What to do when you can’t find ‘the one’

Employers Professional & Managerial
trouble recruiting accountancy and finance candidates

I’ve been in the recruitment industry for a while now, and have spent my career to date focusing on recruiting accountancy and finance roles. Over the years I’ve had the opportunity to see first-hand the cyclical nature of candidate supply and demand. The economy, politics and natural events all have their effect on the job market and the ebb and flow of talented candidates.

The accountancy and finance space is a fascinating industry for many reasons, not least because of the way that roles in this area are having to change to keep pace with our technological world. For example, accounting software like Xero is now being used in businesses for a lot of day to day financial tasks, reducing the traditional accountant’s workload. Organisations are looking to their accountants for broader commercial advice with the average role including business advisory responsibilities. Today’s accountancy positions also require a greater understanding of technology than ever before, and strong interpersonal and relationship management skills. The demand for qualified individuals with this skill set is high, and unfortunately seems to be outstripping the supply.

I also suspect that these changes in the traditional Chartered Accountancy (CA) environment mean that it’s losing appeal for some people as a ‘safer’ career path, which could be impacting supply. I’d be interested to hear readers views on this subject.

In New Zealand, it’s also typical for us to lose junior accounting professionals to the lure of an overseas experience. Once graduates obtain their CA memberships and complete three years required experience, there continues to be a trend of moving overseas (often London) to further their work experience and take advantage of higher pay rates. Generally this tends to be within commercial business rather than public practice. While often these people do return home, there is then less motivation to move back into public practice and we see these individuals looking for commercial roles in line with their overseas experience.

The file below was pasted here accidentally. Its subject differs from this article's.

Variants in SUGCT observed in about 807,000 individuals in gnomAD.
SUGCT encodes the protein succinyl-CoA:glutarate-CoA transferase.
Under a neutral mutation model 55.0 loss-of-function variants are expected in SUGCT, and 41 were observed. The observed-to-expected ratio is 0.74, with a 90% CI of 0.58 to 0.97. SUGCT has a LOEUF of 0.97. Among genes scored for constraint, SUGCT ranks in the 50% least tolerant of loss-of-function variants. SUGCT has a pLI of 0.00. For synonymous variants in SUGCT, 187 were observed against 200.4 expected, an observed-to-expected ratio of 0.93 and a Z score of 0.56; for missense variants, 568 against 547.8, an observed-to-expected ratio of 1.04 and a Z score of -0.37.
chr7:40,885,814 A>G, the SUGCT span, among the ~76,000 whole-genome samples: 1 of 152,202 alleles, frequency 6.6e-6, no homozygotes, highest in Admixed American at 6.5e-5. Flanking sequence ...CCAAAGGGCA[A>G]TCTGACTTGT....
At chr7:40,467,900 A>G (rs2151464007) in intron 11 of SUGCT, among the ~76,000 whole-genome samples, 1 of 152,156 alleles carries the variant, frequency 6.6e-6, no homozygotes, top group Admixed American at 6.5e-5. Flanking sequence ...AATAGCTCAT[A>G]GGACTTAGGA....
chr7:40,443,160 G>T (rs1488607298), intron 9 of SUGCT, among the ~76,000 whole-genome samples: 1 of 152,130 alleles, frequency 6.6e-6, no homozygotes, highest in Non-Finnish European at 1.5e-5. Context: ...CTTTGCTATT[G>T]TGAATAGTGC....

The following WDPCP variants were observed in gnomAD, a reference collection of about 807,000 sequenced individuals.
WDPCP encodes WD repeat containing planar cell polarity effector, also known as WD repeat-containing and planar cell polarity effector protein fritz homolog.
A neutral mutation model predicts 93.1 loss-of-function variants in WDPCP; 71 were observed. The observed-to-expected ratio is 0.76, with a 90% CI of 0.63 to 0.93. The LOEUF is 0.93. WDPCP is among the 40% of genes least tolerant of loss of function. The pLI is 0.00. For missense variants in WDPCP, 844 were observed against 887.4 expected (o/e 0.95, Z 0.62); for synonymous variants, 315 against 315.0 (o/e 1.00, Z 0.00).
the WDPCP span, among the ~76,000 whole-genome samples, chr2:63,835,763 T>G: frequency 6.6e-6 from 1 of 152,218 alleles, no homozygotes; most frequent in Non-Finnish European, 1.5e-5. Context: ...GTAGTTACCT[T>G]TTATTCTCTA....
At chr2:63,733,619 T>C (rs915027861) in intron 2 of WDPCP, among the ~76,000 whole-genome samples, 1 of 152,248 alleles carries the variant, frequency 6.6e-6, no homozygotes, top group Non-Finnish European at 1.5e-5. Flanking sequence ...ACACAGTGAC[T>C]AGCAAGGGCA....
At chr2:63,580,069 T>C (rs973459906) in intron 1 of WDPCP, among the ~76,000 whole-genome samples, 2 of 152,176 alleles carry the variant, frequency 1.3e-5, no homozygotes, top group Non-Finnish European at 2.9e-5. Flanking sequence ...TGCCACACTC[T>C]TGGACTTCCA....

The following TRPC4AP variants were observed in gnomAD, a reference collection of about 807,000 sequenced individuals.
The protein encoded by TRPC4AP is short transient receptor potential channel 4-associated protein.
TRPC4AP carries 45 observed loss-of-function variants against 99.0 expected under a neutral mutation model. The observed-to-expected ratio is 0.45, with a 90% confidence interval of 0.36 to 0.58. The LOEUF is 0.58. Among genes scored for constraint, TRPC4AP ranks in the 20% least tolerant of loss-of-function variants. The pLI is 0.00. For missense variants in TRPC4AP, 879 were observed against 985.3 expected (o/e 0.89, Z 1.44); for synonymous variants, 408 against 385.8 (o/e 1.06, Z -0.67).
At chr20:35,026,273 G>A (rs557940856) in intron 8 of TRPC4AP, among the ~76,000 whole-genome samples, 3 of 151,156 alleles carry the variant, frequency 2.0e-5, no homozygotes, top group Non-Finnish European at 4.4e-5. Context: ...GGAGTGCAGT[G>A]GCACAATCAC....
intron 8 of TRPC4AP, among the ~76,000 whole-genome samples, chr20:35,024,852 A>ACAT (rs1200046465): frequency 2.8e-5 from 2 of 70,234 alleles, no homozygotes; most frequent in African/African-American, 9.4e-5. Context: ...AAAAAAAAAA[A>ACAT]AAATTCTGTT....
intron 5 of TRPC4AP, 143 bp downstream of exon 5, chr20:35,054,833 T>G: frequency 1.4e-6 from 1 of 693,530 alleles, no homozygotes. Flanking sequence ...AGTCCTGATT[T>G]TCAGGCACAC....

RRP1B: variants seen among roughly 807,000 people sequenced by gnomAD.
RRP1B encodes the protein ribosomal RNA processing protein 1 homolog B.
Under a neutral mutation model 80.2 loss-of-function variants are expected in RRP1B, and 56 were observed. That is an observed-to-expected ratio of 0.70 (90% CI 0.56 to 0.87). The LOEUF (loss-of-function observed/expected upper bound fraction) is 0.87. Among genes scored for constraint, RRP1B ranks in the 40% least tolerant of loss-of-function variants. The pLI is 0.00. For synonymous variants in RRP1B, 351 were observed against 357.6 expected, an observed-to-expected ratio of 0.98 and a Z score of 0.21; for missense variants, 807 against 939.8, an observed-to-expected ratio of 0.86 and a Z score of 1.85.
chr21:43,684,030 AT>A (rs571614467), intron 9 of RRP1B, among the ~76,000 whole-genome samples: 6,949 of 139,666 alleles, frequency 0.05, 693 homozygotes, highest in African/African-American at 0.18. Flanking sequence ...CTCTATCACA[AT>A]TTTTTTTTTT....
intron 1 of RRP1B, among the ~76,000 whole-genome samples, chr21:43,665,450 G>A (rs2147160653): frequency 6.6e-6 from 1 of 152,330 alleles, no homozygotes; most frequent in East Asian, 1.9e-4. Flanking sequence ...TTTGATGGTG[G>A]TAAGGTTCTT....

I’m really seeing these effects in the following areas within Chartered Accountancy firms: Business Advisory Services (BAS), Agri/Farm, Audit and Tax. Intermediate Accountants with two to three years’ experience or Senior Accountants with four to five years in these specialisations are in extremely high demand. This seems to be particularly true in the Canterbury region where I am based and recruit, but my colleagues tell me is evident across New Zealand. It’s certainly a challenging industry to recruit in!

The reality is that at some point, every recruiter and every hiring manager will encounter a situation where it’s simply not possible to find that ideal candidate for a vacant role. Faced with this challenge, here’s my recommended approach:

Check your basics